Cut60, failed cuts on Aluminum

No issues cutting mild steel, cutting for several months, but tried my hand at Aluminum today and did not go good at all. I may have had a droplet of water on the torch tip before first pierce (accidentally set air pressure over water and it blew back onto tip), consumables were not new, but had very little use. So, before I try again, I want to rule out as many things as possible. I will recut with new consumables obviously…here are the details:

3rd gen Cut60, Raw voltage.
Crossfire Pro.
1/4" AL diamond plate, cut from backside.
Work clamp directly to piece.
1.1 tip
0.7 pierce delay
45A, 54ipm, 60psi (book settings)

I have cut 14 gauge aluminum and it cuts thru the metal fine but it is a jagged cut. I sounds like you might have something up with the consumables.

Assuming the 1/4 inch is measured at the thinnest part of the metal:
I have not cut diamond plate but you might need to split the difference between 1/4 inch and 5/16 of an inch to account for the added thickness where the diamond/tread marks are (whatever they are called). Perhaps everything is going wrong at the initial pierce if it is over a thicker area. You would definitely want your pierce delay lengthened to account for that thickness but I doubt you are going to get a pretty cut: It’s aluminum!

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Increase air to 70 psi on plasma cutter…


You may want to go read some of the previously posted information on cutting Aluminum. Here is good recommendation…

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I use this for my MIG torch. Works great and definitely cheaper.

I assume it would work just as well for plasma cutting. Never thought to try it but I am going to later today as a result of reading here and I have occasionally had a piece of slag partially block the opening in the tip.

I usually dip it right after I make a weld so its hot and melts and coats real well.

Hobart 770074 Welding Mig Accessory Nozzle Gel - Arc Welding Nozzles -

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Work pretty good. If you want a cheaper version look up the cas#. All nozzle gel is is petroleum jelly ( and food coloring)

I have even seen people use vegetable oil spray on welder nozzles.:person_facepalming:


Something just occurred to me. I forgot to turn nominal voltage off…and never cutting Aluminum, my voltage was likely way off and shouldnt have been enabled in the first place…smart should have been on. So as suggested, my pronlem likely started at the pierce, then snowballed from there. Does my thinking make sense???


It has merit but there is probably a nominal voltage setting that would/should work as well as anything.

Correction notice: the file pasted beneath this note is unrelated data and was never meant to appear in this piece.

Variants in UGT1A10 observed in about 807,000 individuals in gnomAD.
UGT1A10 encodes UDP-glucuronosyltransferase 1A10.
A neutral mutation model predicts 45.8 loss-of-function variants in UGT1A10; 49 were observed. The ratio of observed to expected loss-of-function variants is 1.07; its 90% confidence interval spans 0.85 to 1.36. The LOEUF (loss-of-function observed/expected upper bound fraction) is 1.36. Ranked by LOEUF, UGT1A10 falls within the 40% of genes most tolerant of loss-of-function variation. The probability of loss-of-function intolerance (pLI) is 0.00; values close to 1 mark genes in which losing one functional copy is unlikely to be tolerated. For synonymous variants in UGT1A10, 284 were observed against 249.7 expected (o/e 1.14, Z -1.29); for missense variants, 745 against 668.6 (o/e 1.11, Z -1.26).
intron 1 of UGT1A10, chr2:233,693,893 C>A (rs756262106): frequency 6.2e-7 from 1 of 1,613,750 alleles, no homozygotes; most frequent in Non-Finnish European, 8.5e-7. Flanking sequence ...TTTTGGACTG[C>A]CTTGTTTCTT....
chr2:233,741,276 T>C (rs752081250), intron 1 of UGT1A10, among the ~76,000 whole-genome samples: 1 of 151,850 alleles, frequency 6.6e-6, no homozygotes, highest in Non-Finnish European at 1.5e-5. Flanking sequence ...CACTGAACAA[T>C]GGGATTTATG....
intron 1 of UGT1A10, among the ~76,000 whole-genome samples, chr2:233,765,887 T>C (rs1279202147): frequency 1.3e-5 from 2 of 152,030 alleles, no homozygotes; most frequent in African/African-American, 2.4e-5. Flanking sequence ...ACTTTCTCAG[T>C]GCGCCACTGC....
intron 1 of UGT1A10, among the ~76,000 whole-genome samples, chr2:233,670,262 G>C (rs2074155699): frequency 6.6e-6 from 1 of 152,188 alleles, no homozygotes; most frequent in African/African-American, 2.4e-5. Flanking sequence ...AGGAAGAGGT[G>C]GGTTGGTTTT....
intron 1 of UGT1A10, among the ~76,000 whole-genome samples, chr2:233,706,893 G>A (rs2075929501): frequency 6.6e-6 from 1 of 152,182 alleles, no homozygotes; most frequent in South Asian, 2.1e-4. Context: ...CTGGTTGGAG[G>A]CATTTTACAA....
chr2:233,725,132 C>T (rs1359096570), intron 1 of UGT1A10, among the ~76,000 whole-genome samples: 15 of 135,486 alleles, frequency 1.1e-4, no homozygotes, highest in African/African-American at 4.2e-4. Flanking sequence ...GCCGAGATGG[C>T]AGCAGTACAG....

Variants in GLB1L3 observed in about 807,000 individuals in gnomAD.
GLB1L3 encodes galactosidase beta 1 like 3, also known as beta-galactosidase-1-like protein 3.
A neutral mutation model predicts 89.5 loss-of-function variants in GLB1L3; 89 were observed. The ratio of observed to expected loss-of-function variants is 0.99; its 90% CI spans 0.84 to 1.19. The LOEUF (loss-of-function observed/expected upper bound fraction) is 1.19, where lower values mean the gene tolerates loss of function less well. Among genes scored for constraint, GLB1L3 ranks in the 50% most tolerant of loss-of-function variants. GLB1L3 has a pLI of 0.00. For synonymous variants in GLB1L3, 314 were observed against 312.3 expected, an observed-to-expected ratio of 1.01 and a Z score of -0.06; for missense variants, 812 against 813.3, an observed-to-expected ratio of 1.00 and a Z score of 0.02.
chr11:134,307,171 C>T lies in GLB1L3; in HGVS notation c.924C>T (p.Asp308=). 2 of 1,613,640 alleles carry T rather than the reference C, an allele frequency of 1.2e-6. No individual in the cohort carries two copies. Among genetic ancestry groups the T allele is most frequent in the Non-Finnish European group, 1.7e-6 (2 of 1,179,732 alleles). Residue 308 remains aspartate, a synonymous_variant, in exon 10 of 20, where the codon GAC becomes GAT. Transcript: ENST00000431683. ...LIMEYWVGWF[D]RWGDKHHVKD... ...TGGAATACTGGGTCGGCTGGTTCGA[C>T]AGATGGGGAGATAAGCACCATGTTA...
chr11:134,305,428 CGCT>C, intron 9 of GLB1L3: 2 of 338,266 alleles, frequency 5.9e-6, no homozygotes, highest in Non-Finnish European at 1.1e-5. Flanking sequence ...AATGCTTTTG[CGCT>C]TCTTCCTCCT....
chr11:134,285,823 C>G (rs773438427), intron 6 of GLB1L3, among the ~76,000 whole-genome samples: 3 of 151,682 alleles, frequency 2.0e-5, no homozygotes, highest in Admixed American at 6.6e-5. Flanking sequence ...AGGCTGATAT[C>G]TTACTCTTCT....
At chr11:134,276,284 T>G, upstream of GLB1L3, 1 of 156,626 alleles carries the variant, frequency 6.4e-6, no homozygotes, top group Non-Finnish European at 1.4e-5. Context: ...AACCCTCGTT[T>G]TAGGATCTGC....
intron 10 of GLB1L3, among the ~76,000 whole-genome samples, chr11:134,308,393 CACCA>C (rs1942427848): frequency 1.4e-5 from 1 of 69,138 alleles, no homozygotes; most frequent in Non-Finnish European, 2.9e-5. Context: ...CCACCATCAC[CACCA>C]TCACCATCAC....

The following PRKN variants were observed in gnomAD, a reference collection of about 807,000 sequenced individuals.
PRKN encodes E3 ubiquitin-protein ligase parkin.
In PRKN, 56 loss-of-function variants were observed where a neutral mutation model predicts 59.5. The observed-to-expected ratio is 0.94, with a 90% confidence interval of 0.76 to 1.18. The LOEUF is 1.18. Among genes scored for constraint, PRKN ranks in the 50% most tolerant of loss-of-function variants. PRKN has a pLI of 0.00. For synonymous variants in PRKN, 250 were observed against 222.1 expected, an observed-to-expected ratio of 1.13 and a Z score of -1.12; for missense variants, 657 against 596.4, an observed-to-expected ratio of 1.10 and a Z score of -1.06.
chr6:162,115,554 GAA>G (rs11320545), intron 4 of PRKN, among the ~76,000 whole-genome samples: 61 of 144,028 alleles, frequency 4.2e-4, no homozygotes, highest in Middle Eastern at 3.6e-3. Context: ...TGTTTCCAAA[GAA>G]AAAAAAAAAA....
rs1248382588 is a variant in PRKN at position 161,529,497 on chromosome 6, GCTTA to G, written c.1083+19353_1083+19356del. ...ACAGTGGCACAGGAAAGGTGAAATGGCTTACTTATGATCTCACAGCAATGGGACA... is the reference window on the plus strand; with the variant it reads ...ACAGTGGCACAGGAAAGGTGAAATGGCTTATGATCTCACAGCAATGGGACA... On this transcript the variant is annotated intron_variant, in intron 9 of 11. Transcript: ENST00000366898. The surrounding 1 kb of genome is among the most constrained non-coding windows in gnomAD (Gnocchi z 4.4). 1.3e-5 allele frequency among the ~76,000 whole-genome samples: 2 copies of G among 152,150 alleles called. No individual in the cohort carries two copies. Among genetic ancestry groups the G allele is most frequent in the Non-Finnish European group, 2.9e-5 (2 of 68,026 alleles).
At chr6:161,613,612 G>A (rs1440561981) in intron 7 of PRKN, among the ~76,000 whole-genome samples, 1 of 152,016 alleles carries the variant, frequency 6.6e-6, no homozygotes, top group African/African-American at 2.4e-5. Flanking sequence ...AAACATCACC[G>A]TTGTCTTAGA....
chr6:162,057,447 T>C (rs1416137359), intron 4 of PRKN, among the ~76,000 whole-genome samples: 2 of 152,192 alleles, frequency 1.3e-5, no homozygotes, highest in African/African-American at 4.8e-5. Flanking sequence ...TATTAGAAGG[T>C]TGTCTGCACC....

Like I said before, or meant to say, you are going to have fluctuating demands for cutting power and not sure that even the THC response would make the necessary change quick enough when encountering the thicker areas.

Nominal voltage is worth trying. I would probably set it for something like 5/16 of an inch material (approximate what that would be) and increase the pierce delay to be sure of a successful clear punch thru before the torch starts moving.

Seriously that’s all it is? I’m assuming by cas# that’s something to do with an msds as well? I do that a lot as far as looking up what’s in some of the more obvious snake oil product ingredients.

… veg oil spray? I’m smelling like metal flavor French fries or hash browns then? Ha.

I would say more air, I run my CUT60 at 85psi always.

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Yup for real you got it. Here is the data sheet for one brand.
I have been professionally welding for nearly 25 years. Even if the gel gets contaminated it will cause porosity. I use it at work I keep a scrap piece of metal to fire up on and burn it off. Porosity looks bad in a machined fit

I do like the ceramic spray it isn’t cheap . I scored 2 can for 50 bucks today. It will last a long time though.
SDS9299311.pdf (204.0 KB)

Stay away from the veg oil. Never tried it just YouTube warriors getting clicks.


So cutting was postponed a bit while deer hunting had to be done. Retested cut, pleased with the result. 1/4" AL diamond plate, cut from the back, THC off, 45a, 53ipm, 0.8 pierce, 60psi, new tip.


60 psi is way to low. 70~75 min


I cut my first piece of aluminum lastnight with my CFP and cut60 with PTM60 torch and it went really good. I was running 55-60 psi and I ran little slower than book setting. It was a scrap piece of 1/4 and just performed a straight line cut to see how it did and was pleasantly surprised

As @Bigdaddy2166 stated 70 to 75 psi flow pressure seems to work best on aluminum.


I will definitely give that a try on my next test.

I like to do 1” square on anything new to check kerf. I have hypertherm 45xp so always really close with book settings but like to get something out of the check.

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I will do a 1” square to get an accurate kerf.

What is the best way to do my test cuts to dial on my speeds and amps and pressures?

I was doing a test that had 3 circles and 5 lines and I would change the line codes to the speeds I wanted to try but I feel like I’m going to burn up a lot of metal getting all my settings dialed in.

Is there a good way to do it so I minimize wasted metal?

Or just start with book settings and make small changes till I find the sweet spots?

Performed another test cut with identical settings, just increased air pressure to 70. Piece on the left is 60psi, right is 70. Didnt make a change on my setup, actually 60psi didnt leave as much dross as 70. This is just my setup though.

I have to agree with you, your setup likes the 60 psi better. :+1: